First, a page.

Regardless, temperance, prudence, and chastity aren’t virtues most people possess in spades anymore. Our culture, where instant gratification and over-indulgence are the norm, has seen to that.
At the same time, rejecting contraception in general requires trust—trust in God’s will and God’s provision. It requires generosity—a willingness to put others needs before our own. It requires a spirit of poverty—detachment from the extras our culture says are essentials. And it requires a heart that delights in pictures of fat smiling babies, that believes babies are precious gifts from God, not a reason to run for the hills.
Basically, it requires that we be everything our culture has programmed us not to be. That’s why NFP is a challenge for the most faithful couples I know, let alone those decidedly less faithful. Few are able to use it to space births with the same precision the manuals promise. Not because the methods don’t work. But rather because wills are weak and temptation is tempting. If a tiny tasty brownie can almost fell us, what can love and desire do?
Does that make NFP impossible or unrealistic? Of course not. Nevertheless, we should remain realistic about the fruit better branding can yield. We also should be realistic as we go about that branding.
No matter how savvy our marketing may be, NFP will remain a radical, counter-cultural choice, at least for the foreseeable future, because it asks…no, it demands that we reject our cultural programming and embrace a different way of thinking. Not simply about sex, but about everything: children, family, marriage, finances, work, God, desire, love, life’s purpose, life’s meaning, human freedom, the Divine Will, suffering, sacrifice. Again, everything.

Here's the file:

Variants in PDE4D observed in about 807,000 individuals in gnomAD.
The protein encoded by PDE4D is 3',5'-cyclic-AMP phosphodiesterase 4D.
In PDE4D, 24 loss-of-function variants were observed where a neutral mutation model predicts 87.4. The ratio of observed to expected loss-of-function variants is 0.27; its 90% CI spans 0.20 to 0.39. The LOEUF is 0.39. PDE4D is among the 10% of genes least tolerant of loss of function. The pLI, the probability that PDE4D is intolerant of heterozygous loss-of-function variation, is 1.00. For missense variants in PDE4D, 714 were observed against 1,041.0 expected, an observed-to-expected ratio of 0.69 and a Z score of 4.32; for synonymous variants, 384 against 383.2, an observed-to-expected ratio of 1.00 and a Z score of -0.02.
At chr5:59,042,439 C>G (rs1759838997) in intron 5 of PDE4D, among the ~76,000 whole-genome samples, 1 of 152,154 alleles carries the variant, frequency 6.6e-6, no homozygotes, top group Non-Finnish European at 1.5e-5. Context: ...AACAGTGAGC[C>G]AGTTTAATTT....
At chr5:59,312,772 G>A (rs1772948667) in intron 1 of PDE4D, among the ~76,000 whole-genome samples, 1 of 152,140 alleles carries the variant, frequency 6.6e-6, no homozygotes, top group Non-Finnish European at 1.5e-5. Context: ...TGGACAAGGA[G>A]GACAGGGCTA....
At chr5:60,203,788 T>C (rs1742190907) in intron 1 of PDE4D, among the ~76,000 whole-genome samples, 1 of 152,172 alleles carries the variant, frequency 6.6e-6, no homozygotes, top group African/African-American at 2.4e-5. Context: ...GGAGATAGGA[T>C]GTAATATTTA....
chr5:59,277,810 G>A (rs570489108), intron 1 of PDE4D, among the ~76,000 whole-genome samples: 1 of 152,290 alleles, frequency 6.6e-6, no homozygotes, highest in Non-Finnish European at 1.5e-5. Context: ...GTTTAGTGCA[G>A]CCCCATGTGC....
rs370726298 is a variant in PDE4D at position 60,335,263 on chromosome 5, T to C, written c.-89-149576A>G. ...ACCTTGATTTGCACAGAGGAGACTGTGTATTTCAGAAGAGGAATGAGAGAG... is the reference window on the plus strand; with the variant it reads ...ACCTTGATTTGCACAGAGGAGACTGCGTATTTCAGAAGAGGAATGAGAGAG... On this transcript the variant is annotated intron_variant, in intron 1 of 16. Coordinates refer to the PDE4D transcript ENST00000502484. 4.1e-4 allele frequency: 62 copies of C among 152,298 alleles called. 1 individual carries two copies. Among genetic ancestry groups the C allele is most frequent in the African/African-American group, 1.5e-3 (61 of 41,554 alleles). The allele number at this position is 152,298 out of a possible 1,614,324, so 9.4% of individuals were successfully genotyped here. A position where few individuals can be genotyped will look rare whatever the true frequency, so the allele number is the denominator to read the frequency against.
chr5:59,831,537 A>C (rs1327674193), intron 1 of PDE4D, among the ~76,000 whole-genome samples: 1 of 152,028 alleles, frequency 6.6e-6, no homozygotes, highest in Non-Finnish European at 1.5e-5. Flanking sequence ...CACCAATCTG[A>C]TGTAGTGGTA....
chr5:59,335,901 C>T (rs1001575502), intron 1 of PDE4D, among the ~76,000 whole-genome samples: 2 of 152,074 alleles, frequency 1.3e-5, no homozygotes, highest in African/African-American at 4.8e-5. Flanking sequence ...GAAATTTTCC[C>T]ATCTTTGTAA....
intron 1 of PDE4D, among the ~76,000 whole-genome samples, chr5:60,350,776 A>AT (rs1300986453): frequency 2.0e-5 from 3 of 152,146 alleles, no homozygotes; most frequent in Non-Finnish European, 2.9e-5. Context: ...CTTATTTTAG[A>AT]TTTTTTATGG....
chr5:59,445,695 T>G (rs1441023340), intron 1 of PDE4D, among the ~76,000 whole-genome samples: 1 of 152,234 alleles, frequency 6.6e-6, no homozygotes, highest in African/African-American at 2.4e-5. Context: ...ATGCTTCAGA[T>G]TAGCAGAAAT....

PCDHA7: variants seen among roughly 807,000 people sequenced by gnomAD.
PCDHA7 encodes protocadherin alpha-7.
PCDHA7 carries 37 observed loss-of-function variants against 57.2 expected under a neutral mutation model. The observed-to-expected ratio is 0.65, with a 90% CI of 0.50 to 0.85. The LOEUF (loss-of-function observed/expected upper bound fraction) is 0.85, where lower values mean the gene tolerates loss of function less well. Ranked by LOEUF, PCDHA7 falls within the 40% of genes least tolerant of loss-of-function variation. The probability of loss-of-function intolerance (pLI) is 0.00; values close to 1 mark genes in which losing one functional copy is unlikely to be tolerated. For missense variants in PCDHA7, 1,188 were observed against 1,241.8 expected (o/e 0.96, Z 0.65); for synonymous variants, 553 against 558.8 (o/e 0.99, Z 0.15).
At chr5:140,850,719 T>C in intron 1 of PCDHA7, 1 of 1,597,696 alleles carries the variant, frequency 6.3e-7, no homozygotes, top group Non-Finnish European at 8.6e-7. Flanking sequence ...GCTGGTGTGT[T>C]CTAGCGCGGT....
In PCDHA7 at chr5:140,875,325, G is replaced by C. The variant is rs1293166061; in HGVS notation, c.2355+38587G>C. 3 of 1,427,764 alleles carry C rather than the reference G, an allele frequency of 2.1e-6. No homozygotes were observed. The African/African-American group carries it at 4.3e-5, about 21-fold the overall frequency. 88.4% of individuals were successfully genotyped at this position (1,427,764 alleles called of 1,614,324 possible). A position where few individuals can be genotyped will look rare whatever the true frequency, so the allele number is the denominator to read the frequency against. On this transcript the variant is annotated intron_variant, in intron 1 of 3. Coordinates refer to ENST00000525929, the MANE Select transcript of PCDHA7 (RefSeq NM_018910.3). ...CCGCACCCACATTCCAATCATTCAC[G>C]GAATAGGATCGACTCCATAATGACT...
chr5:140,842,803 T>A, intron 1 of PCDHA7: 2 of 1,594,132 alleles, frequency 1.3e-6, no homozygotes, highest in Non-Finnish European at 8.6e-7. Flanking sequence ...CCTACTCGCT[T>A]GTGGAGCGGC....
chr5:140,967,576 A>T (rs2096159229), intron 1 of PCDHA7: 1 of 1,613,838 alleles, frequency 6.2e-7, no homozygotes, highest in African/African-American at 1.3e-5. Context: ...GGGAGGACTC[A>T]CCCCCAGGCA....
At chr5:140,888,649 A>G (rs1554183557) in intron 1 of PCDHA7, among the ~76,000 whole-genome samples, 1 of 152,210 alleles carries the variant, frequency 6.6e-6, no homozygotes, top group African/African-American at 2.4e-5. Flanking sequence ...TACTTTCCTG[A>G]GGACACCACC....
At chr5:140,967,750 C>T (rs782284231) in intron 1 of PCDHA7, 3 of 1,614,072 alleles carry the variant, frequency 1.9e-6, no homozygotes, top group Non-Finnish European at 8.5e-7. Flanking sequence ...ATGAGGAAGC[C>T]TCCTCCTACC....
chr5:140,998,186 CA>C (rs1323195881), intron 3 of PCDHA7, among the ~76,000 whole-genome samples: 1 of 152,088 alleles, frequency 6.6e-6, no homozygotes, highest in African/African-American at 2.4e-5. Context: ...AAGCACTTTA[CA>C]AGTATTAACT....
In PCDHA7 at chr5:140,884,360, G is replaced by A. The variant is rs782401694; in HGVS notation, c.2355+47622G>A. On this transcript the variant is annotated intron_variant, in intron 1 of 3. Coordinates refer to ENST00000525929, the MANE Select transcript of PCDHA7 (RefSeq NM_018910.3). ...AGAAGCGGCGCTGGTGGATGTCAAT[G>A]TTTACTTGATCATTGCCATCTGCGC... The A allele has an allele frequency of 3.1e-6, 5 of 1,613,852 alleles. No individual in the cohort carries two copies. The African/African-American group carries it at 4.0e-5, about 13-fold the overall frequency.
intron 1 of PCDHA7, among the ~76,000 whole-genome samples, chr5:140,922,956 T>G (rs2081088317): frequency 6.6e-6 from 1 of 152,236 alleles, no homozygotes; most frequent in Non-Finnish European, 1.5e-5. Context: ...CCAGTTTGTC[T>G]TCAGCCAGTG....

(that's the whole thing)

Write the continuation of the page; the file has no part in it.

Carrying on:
NFP is not Catholic birth control. It’s the Catholic world view…lived out in the bedroom. [emphasis added]
The corrective is not some sort of bitter, “Oh I hate NFP. We can never have sex when we want to, half our kids were ‘unplanned’ and I never even feel like it during the infertile times, but it builds character, dammit, and it’s about time people learned that marriage isn’t all about self indulgence.” That’s not going to win any converts, and unless you allow yourself to be completely taken over by resentment (at which point people are able to make even unloading the dishwasher into some sort of Bataan death march of marital suffering) it’s not even true. But living the NFP lifestyle — which can be most briefly summed up as understanding that if one doesn’t want to get pregnant at the moment, one is going to have to not have sex on some occasions when one would really like to — takes effort and commitment. If you go into it with the idea, “all I want is to not have a baby right now” or even “all I want to do is control my fertility without using chemicals” it’s going to seem pretty onerous.
With a difficult and commitment heavy process, success and satisfaction depend on actually learning to embrace the process itself, not just the goals. The people I know who look seriously fit are not the ones who hate exercising and eating well, but like to look good and so struggle through. Almost no one is able to put that much consistent effort into something he doesn’t actually want to do. Success in that area comes from finding an athletic activity one can like and working up to the point where one actually wants to engage in it. That doesn’t mean it isn’t hard. But it’s something hard that you want to do.
Using NFP is rewarding. It trains spouses into greater consideration for each other, a more communicative and other-focused sexuality, and a greater appreciation of the way that their love for each other ties intimately together with their parenthood. But it’s no more a natural form of birth control than picking up a loaf of “organic” bread at Wal-Mart is the same as farming.